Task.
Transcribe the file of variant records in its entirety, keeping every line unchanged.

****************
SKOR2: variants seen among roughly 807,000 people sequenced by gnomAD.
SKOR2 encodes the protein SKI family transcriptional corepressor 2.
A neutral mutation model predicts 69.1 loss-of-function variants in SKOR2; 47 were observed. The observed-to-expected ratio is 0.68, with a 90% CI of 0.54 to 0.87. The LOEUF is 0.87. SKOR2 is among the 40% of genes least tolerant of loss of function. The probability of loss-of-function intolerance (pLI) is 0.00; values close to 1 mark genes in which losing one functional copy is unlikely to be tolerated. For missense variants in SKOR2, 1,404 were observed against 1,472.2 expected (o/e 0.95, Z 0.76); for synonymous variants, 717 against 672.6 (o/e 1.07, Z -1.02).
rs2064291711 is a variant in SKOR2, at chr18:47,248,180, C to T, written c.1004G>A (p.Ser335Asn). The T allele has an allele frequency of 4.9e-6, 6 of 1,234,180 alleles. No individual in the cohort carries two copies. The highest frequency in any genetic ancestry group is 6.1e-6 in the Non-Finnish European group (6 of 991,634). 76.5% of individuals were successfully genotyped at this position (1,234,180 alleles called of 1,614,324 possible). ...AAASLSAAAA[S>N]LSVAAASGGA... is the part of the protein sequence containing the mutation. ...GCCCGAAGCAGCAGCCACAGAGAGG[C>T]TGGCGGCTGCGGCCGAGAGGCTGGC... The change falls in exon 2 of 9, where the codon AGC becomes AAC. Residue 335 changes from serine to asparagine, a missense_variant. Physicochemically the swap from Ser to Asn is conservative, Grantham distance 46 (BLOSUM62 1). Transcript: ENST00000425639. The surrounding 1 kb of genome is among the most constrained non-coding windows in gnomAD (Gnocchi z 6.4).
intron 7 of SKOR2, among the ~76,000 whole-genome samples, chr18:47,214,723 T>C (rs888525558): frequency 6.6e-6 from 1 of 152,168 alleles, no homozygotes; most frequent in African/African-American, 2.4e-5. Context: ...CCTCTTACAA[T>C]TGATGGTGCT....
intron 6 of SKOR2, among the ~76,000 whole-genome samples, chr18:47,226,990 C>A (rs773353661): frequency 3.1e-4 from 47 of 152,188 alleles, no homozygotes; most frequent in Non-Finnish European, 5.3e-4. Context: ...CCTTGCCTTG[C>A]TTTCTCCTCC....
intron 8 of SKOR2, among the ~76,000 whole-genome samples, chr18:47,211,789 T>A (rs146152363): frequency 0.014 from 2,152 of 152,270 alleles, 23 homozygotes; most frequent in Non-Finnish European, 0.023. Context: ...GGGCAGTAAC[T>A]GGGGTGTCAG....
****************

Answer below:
SKOR2: variants seen among roughly 807,000 people sequenced by gnomAD.
SKOR2 encodes the protein SKI family transcriptional corepressor 2.
A neutral mutation model predicts 69.1 loss-of-function variants in SKOR2; 47 were observed. The observed-to-expected ratio is 0.68, with a 90% CI of 0.54 to 0.87. The LOEUF is 0.87. SKOR2 is among the 40% of genes least tolerant of loss of function. The probability of loss-of-function intolerance (pLI) is 0.00; values close to 1 mark genes in which losing one functional copy is unlikely to be tolerated. For missense variants in SKOR2, 1,404 were observed against 1,472.2 expected (o/e 0.95, Z 0.76); for synonymous variants, 717 against 672.6 (o/e 1.07, Z -1.02).
rs2064291711 is a variant in SKOR2, at chr18:47,248,180, C to T, written c.1004G>A (p.Ser335Asn). The T allele has an allele frequency of 4.9e-6, 6 of 1,234,180 alleles. No individual in the cohort carries two copies. The highest frequency in any genetic ancestry group is 6.1e-6 in the Non-Finnish European group (6 of 991,634). 76.5% of individuals were successfully genotyped at this position (1,234,180 alleles called of 1,614,324 possible). ...AAASLSAAAA[S>N]LSVAAASGGA... is the part of the protein sequence containing the mutation. ...GCCCGAAGCAGCAGCCACAGAGAGG[C>T]TGGCGGCTGCGGCCGAGAGGCTGGC... The change falls in exon 2 of 9, where the codon AGC becomes AAC. Residue 335 changes from serine to asparagine, a missense_variant. Physicochemically the swap from Ser to Asn is conservative, Grantham distance 46 (BLOSUM62 1). Transcript: ENST00000425639. The surrounding 1 kb of genome is among the most constrained non-coding windows in gnomAD (Gnocchi z 6.4).
intron 7 of SKOR2, among the ~76,000 whole-genome samples, chr18:47,214,723 T>C (rs888525558): frequency 6.6e-6 from 1 of 152,168 alleles, no homozygotes; most frequent in African/African-American, 2.4e-5. Context: ...CCTCTTACAA[T>C]TGATGGTGCT....
intron 6 of SKOR2, among the ~76,000 whole-genome samples, chr18:47,226,990 C>A (rs773353661): frequency 3.1e-4 from 47 of 152,188 alleles, no homozygotes; most frequent in Non-Finnish European, 5.3e-4. Context: ...CCTTGCCTTG[C>A]TTTCTCCTCC....
intron 8 of SKOR2, among the ~76,000 whole-genome samples, chr18:47,211,789 T>A (rs146152363): frequency 0.014 from 2,152 of 152,270 alleles, 23 homozygotes; most frequent in Non-Finnish European, 0.023. Context: ...GGGCAGTAAC[T>A]GGGGTGTCAG....